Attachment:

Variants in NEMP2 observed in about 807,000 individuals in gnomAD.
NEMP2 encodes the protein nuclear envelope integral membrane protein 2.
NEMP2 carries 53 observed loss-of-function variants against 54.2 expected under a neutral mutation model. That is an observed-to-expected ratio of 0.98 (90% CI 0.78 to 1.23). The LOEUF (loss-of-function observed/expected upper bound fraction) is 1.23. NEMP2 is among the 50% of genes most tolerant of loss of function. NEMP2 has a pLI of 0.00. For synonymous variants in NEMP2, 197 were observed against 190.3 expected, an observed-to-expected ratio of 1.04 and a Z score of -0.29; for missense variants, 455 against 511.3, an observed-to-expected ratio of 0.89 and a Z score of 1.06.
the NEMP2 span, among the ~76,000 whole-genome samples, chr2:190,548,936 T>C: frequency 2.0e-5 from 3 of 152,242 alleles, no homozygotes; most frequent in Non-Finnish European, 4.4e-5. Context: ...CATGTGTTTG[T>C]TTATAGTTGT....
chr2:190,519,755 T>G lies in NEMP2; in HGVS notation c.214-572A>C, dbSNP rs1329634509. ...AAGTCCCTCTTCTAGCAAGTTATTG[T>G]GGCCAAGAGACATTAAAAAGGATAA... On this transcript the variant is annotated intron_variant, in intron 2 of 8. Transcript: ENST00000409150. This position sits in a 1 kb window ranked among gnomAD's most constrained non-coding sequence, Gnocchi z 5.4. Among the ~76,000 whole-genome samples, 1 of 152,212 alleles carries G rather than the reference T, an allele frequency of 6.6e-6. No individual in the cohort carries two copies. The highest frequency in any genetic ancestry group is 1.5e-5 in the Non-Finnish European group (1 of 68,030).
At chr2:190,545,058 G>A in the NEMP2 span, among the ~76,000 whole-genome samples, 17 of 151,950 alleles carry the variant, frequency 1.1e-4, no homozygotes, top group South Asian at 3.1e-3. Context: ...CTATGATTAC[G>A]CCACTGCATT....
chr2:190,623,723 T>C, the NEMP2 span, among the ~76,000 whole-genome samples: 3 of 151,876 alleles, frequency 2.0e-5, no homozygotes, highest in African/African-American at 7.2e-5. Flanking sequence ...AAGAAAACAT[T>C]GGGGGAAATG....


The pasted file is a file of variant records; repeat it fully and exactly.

Variants in NEMP2 observed in about 807,000 individuals in gnomAD.
NEMP2 encodes the protein nuclear envelope integral membrane protein 2.
NEMP2 carries 53 observed loss-of-function variants against 54.2 expected under a neutral mutation model. That is an observed-to-expected ratio of 0.98 (90% CI 0.78 to 1.23). The LOEUF (loss-of-function observed/expected upper bound fraction) is 1.23. NEMP2 is among the 50% of genes most tolerant of loss of function. NEMP2 has a pLI of 0.00. For synonymous variants in NEMP2, 197 were observed against 190.3 expected, an observed-to-expected ratio of 1.04 and a Z score of -0.29; for missense variants, 455 against 511.3, an observed-to-expected ratio of 0.89 and a Z score of 1.06.
the NEMP2 span, among the ~76,000 whole-genome samples, chr2:190,548,936 T>C: frequency 2.0e-5 from 3 of 152,242 alleles, no homozygotes; most frequent in Non-Finnish European, 4.4e-5. Context: ...CATGTGTTTG[T>C]TTATAGTTGT....
chr2:190,519,755 T>G lies in NEMP2; in HGVS notation c.214-572A>C, dbSNP rs1329634509. ...AAGTCCCTCTTCTAGCAAGTTATTG[T>G]GGCCAAGAGACATTAAAAAGGATAA... On this transcript the variant is annotated intron_variant, in intron 2 of 8. Transcript: ENST00000409150. This position sits in a 1 kb window ranked among gnomAD's most constrained non-coding sequence, Gnocchi z 5.4. Among the ~76,000 whole-genome samples, 1 of 152,212 alleles carries G rather than the reference T, an allele frequency of 6.6e-6. No individual in the cohort carries two copies. The highest frequency in any genetic ancestry group is 1.5e-5 in the Non-Finnish European group (1 of 68,030).
At chr2:190,545,058 G>A in the NEMP2 span, among the ~76,000 whole-genome samples, 17 of 151,950 alleles carry the variant, frequency 1.1e-4, no homozygotes, top group South Asian at 3.1e-3. Context: ...CTATGATTAC[G>A]CCACTGCATT....
chr2:190,623,723 T>C, the NEMP2 span, among the ~76,000 whole-genome samples: 3 of 151,876 alleles, frequency 2.0e-5, no homozygotes, highest in African/African-American at 7.2e-5. Flanking sequence ...AAGAAAACAT[T>C]GGGGGAAATG....